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|Part of E15|
|Length:||30.0 mi (48.3 km)|
|Existed:||1964 – present|
|From:||Junction 1a of the M9|
|To:||Perth (two ends; one east , one at Broxden Junction )|
|Edinburgh, Edinburgh Airport, Forth Road Bridge, Dunfermline, Kinross, Perth|
The M90 is a motorway in Scotland. It runs from junction 1a of the M9, at the south end of the Forth Road Bridge, to Perth, passing Dunfermline and Kinross on the way. It is the most northerly motorway in the United Kingdom, the northernmost point being a spur into the western suburbs of Perth at Broxden.
The first section of the M90 opened in 1964 to coincide with the opening of the Forth Road Bridge and Masterton junction (junction 2). The next section, Crossgates – Kelty and Cowdenbeath Bypass, opened on 1 December 1969, with the next section, Kinross and Milnathort Bypass, opening in May 1972.
The final two sections were due to begin construction around 1973/74, but due to the oil crisis, were put on hold. The next section from Arlary ( Jct 8 with A91) to Arngask was opened in March 1977, with the final section between Arngask (GlenFarg) and Muirmont opening in August 1980; which connected up with the completed Friarton Bridge and Perth Bypass to Broxden.
The M90's most substantial engineering feature is the Friarton Bridge in Perth, a tall concrete pillared structure which traverses the River Tay. The bridge carries eastbound traffic from Broxden towards Dundee and along the Firth of Tay. The Queensferry Crossing will open as part of the motorway in 2017.
A large part of the northern section of the motorway follows the route of the former main railway line between Perth and Edinburgh via Glenfarg, Kinross and the Forth Bridge, which was closed in 1970 despite this not being recommended by the Beeching report. It is not obvious when first driving along the road but close inspection of the 1:25,000 scale Ordnance Survey maps of the route illustrates this.
Another unusual feature of the M90 is that the Kinross and Milnathort Bypass, the 8-mile (13 km) section of the M90 between Fruix and Arlary, was the first motorway in Britain to be constructed using unreinforced concrete pavements. The south-bound carriageway have since been overlaid by tarmac, whereas the north-bound carriageway remain unchanged, however it is now being overlaid by tarmac.
Near to its northern terminus, the motorway splits into two branches. The construction of this three-way interchange required the removal of about 900,000 cubic metres of material, mostly rock. The motorway bends through more than 90 degrees, on a compound curve partly of 520.8 m and partly of 694.5 m radius. One branch heads in a north-easterly direction, flowing into the A90 at its end, numbered junction 11. (This branch was formerly the M85 motorway, until the A85 was renumbered as A90.) The other branch forms part of the western bypass of Perth, and meets the A9 at its end, numbered junction 12. The gradient is 4.57% uphill and 5.65% downhill on this section. The slip roads forming this branch merge with shared priority to allow HGVs to maintain momentum on the steep upgrade.The Broxden to Muirmont slip road at the centre of the interchange has a radius of 136.4 m, necessitating maximum superelevation of 7%.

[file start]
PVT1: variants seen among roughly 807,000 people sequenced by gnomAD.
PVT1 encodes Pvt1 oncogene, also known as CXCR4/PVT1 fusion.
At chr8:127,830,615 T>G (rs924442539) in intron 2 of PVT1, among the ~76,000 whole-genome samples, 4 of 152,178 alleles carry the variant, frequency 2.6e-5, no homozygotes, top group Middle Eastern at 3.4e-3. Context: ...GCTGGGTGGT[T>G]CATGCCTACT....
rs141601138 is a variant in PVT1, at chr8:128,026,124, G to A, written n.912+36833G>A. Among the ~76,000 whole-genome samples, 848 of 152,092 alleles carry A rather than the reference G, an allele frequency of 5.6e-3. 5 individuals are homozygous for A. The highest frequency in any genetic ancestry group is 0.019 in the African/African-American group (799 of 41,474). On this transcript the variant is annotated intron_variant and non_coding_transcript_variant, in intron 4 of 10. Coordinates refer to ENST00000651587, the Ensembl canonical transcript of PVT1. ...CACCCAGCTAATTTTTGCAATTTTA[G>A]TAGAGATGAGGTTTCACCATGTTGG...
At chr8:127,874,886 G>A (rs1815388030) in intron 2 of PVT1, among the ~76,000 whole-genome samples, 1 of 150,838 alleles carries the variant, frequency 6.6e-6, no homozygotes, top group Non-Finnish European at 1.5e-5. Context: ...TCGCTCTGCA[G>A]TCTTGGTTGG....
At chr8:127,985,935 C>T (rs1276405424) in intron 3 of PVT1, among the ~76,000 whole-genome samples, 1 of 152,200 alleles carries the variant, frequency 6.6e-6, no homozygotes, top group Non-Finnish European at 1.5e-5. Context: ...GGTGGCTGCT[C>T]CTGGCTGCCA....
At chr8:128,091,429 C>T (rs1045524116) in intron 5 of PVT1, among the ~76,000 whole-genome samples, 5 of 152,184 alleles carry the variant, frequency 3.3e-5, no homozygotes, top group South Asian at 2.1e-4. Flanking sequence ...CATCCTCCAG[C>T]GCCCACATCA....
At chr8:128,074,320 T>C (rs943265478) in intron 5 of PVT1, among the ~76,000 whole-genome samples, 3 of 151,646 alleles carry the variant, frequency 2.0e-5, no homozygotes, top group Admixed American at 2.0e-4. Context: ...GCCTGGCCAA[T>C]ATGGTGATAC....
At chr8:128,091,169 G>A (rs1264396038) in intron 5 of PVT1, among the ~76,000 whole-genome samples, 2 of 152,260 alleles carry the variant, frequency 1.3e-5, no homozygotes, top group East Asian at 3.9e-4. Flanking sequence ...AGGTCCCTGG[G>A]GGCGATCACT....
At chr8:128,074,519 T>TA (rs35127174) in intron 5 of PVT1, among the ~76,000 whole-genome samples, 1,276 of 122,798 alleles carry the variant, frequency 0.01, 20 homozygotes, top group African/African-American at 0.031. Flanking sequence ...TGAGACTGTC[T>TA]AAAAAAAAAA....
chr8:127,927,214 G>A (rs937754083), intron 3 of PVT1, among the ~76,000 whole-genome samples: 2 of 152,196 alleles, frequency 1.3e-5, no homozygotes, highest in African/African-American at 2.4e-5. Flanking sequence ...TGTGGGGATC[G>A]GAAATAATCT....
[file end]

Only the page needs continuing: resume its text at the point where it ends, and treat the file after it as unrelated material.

The M90 lacks hard shoulders for an 8-mile (13 km) section. In this section there are emergency lay-bys at 1⁄4-mile (400 m) intervals instead.
The M90 here has another of the tightest corners on the UK motorway network, for which some traffic can be forced to slow down. The corner cuts through the northern side of the Ochil Hills and has a curve radius of 694.5 m (a recommended minimum of 914 m was standard practice at the time of construction). This corner also coincides with one of the steepest sections of the motorway, for which north-bound heavy goods vehicles (HGVs) are sign-posted to stay in a low gear and often brake continuously through the turn. South-bound HGVs are normally substantially reduced in speed as they make the incline.
As part of the Queensferry Crossing scheme, the M90 will be extended across the Firth of Forth over a new cable-stayed bridge, connecting to the northern end of the M9 spur at Scotstoun Interchange. The former M9 spur is now part of M90, in preparation for the completion of the crossing.
|Northbound exits||Junction||Southbound exits|
|Glasgow, Inverness, Stirling A9
|J12||Start of motorway|
|Road continues as A90 to Dundee, Aberdeen and Forfar||J11||Perth A85, Inverness A9
|Perth, Crieff A85||Start of motorway|
|Perth, Stirling, Glasgow (A9)||J10||Perth, Stirling, Pitlochry (A9)|
|Bridge of Earn, Aberargie A912||J9||Bridge of Earn, Aberargie A912|
|Cupar, St Andrews A91||J8||No exit|
|No exit||J7||Stirling A91
|Kinross, Milnathort A977
|J6||Kinross, Crook of Devon A977
|Cleish, Crook of Devon B9097||J5||Cleish, Ballingry B9097|
|Kelty, Ballingry A909||J4||Kelty, Lochgelly A909|
|Dunfermline A907||J3||Dunfermline A907, Kirkcaldy, Glenrothes A92|
|Kirkcaldy, Glenrothes A92||J2A||No exit|
|Dunfermline, Rosyth A823 (M)||J2||Dunfermline, Rosyth A823(M)|
|Start of motorway||J1||Inverkeithing A921
Kincardine, Glasgow A985
|Inverkeithing and Dalgety Bay A921
Kincardine, Glasgow A985
|Road continues as A90 to Edinburgh, M9, M8 to Glasgow, Edinburgh Airport, Livingston and Carlisle|
- "Archived copy". Archived from the original on 25 July 2013. Retrieved 2013-05-28.
- "FRC Bus Lane Map". Transport Scotland. Retrieved 29 October 2014.
- MultiMap.com (April 2007). "Map Source".
- RailScot (April 2007). "RailScot".
- "M90 Inverkeithing to Perth and M85 Perth by-pass". The Motorway Archive. Retrieved 18 December 2015.
- M90 J12 Broxden, sabre-roads.org.uk (retrieved 2013-01-16)
- "Scotland gets it first Managed Motorway". 2012-11-27. Retrieved 2013-03-18.
Route map: Google